As I write this, I, like many of us, I am in almost complete, physical isolation due to the coronavirus pandemic.
I have lost track of how long I have been doing this—each day seems like the next one. I, like probably a lot of others, am struggling with the isolation. I have been lucky enough to get out to do grocery shopping a few times, and to walk or hike at Little Buffalo State Park.
I know that I am so very lucky to have a home, to have an uninterrupted income. So many people right now are in shock at the sudden loss of income and the disruption to normal life.
I thought at first, that I would do OK in isolation, keep myself busy with crafts and books and Facebook, and emails to friends. But then about two weeks ago my internet modem started to act up, and then died completely the next day.
And then the day after that the land line phone died. I called the phone company (with cell phone standing outside in the rain, up the hill from the house, because there is no cell reception at my house!), and they came to fix it a few days later. So I had to learn to live without the internet for a few days.
Why is that so hard? Gee, 10 years ago I would have been fine without the internet for a few days. Incredible how we have become so dependent on it. I was rather feeling sorry for myself, because I could not read the New York Times or Washington Post, or do the daily puzzles. I could not watch the Great British Baking Show on Netflix. I could not connect via Facebook or email. I felt rather ashamed of myself because I had so many blessings still.
Many of our ancestors, of all faiths and ethnicities, lived through far worse situations. I am reminded, of course, of the flu pandemic in 1918. How did people cope with that, watching family members, neighbors and friends get sick and die, and being unable to help? How did people cope with the Blitz in London during the Second World War?
And of course there are even worse things that people have made it through. I think of the survivors of the Holocaust or the survivors of the massacres in Bosnia in 1995. I think of all those who are refugees today from Syria and from other countries, where conflict is part of daily life. They are living in far greater Hell than we are with pandemic isolation.
After my phone and internet were re-connected (many thanks to heroic phone technicians who are still working), I felt better and started to try to reach out more to people. I started reaching out to my elderly neighbors who are as lonely as me. It was wonderful just to chat with them on the phone.
I felt very blessed when a nearby friend needed to talk about some serious issues in her life. She came to my house, and we sat outside behind my house, staying at least 10 feet away from each other. We were lucky to be able to talk for three hours in lovely weather, and to maintain a safe distance. We both needed that.
Then my daughter and I did a video chat on Facebook Messenger. This was the first time we did this, and for me it was a joy to see her beautiful face and to talk in person, not just on the phone. Earlier this week, while standing 10 feet apart in the grocery checkout line, I recognized a friend from work (we both retired a few years ago), even though we both wore face masks. It was another time of joy to reconnect later that day, by phone.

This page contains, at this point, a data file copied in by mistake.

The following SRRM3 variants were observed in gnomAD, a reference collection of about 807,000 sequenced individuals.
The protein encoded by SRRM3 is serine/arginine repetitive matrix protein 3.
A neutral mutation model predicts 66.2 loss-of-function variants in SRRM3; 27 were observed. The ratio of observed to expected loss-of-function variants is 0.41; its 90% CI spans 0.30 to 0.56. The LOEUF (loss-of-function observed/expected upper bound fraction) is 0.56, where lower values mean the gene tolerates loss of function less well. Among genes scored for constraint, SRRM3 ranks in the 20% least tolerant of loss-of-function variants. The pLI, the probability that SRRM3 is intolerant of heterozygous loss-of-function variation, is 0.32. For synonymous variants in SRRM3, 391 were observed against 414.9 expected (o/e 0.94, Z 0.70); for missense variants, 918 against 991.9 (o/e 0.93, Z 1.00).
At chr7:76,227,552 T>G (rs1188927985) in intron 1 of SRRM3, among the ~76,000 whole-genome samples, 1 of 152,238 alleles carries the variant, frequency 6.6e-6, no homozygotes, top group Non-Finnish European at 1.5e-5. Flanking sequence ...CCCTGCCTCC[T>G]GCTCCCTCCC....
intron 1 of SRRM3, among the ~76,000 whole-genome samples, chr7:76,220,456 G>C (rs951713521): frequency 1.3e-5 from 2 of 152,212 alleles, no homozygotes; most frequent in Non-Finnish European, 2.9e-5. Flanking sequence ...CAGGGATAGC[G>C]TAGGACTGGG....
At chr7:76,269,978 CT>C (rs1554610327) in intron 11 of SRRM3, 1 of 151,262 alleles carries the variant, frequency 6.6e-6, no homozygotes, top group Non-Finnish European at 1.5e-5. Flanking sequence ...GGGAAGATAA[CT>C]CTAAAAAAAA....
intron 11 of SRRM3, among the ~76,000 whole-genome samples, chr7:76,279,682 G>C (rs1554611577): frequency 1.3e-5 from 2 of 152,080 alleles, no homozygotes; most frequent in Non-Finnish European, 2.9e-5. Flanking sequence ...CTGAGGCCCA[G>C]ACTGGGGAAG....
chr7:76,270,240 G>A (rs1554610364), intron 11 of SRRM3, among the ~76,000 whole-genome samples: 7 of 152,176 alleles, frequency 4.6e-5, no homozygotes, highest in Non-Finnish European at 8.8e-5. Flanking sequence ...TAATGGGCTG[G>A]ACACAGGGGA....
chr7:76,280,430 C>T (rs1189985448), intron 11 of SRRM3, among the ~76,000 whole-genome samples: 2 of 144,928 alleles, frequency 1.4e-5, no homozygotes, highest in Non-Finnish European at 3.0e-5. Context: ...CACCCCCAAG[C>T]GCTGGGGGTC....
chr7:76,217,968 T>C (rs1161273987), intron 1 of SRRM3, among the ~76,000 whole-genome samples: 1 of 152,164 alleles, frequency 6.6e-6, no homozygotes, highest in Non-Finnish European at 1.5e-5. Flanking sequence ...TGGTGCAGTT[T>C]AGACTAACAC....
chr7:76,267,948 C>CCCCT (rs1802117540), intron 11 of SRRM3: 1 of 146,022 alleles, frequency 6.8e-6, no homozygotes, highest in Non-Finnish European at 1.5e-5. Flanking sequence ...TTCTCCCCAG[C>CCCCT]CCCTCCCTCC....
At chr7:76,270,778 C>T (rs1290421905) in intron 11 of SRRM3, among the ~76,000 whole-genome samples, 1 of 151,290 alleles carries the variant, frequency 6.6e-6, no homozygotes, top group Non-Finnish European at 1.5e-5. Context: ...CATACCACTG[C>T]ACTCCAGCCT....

All these little blessings keep coming to me. I don’t think I would have appreciated them a month ago, before this all started.
Passover started Wednesday evening on April 8. I agonized about how we might do a Seder remotely. Luckily we were able to do a Seder with five family members (myself, daughter, brother-in-law, sister-in-law and nephew), from four different locations, via video conferencing over the internet. For me, it was such a joy to see their faces. We read through the Seder, we laughed a lot…, and of course we look forward to being together, safely and in health, in person, soon. “Next year at Seder in person!” is how we ended the Seder.
Human beings are very social creatures, and our faith communities are very important parts of our social networks. I know that many of us are missing being with our faith communities, even as we realize how important it is that we stay far apart from each other in order to protect ourselves and those we love, and to protect the entire community.
I try to remind myself every morning, while trying to meditate, that it is time to get back to the basics. I am still breathing. I am still healthy. I can get out from time to time to buy groceries or gas, or hike at the park. All I can do right now is to keep going, keep breathing, and try to keep myself and others safe.
But one thing that this pandemic isolation has taught me is how much we need other people. I keep singing in my head that that song from the ‘60s or ‘70s: “No man is an island.”
“No man is an island.
No man stands alone.
Each man’s joy is joy to me, each man’s grief is my own.
We need one another, so I will defend,
Each man as my brother, each man as my friend.”
God gave us families, friends and communities, because we need them to sustain life. We are now learning how much we depend on each other. I hope we can all remember that lesson after this is over.
Please stay safe and healthy. May God bring swift healing to all who are ill, and may God protect all those who are keeping us all alive through their ongoing work. And may God bring comfort to those who have lost loved ones to the pandemic.
Emily Burt-Hedrick is the President of the Congregation Beth Tikvah.
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